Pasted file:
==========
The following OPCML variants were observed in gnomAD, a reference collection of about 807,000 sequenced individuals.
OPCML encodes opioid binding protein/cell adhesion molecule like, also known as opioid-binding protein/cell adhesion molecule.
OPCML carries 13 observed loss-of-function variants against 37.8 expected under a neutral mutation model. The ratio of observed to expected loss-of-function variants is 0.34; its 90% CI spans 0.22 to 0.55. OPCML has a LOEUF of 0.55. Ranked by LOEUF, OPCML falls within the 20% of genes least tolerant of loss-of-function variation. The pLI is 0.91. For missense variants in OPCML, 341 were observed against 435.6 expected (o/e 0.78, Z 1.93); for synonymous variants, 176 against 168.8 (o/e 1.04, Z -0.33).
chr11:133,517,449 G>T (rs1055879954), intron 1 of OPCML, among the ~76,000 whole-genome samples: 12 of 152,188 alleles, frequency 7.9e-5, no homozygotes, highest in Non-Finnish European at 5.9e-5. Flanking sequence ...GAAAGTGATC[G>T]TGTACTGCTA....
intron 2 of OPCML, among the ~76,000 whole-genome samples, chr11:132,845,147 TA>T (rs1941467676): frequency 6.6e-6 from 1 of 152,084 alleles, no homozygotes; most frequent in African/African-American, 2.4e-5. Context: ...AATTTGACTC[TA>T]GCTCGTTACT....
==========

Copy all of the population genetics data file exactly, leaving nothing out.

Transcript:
The following OPCML variants were observed in gnomAD, a reference collection of about 807,000 sequenced individuals.
OPCML encodes opioid binding protein/cell adhesion molecule like, also known as opioid-binding protein/cell adhesion molecule.
OPCML carries 13 observed loss-of-function variants against 37.8 expected under a neutral mutation model. The ratio of observed to expected loss-of-function variants is 0.34; its 90% CI spans 0.22 to 0.55. OPCML has a LOEUF of 0.55. Ranked by LOEUF, OPCML falls within the 20% of genes least tolerant of loss-of-function variation. The pLI is 0.91. For missense variants in OPCML, 341 were observed against 435.6 expected (o/e 0.78, Z 1.93); for synonymous variants, 176 against 168.8 (o/e 1.04, Z -0.33).
chr11:133,517,449 G>T (rs1055879954), intron 1 of OPCML, among the ~76,000 whole-genome samples: 12 of 152,188 alleles, frequency 7.9e-5, no homozygotes, highest in Non-Finnish European at 5.9e-5. Flanking sequence ...GAAAGTGATC[G>T]TGTACTGCTA....
intron 2 of OPCML, among the ~76,000 whole-genome samples, chr11:132,845,147 TA>T (rs1941467676): frequency 6.6e-6 from 1 of 152,084 alleles, no homozygotes; most frequent in African/African-American, 2.4e-5. Context: ...AATTTGACTC[TA>T]GCTCGTTACT....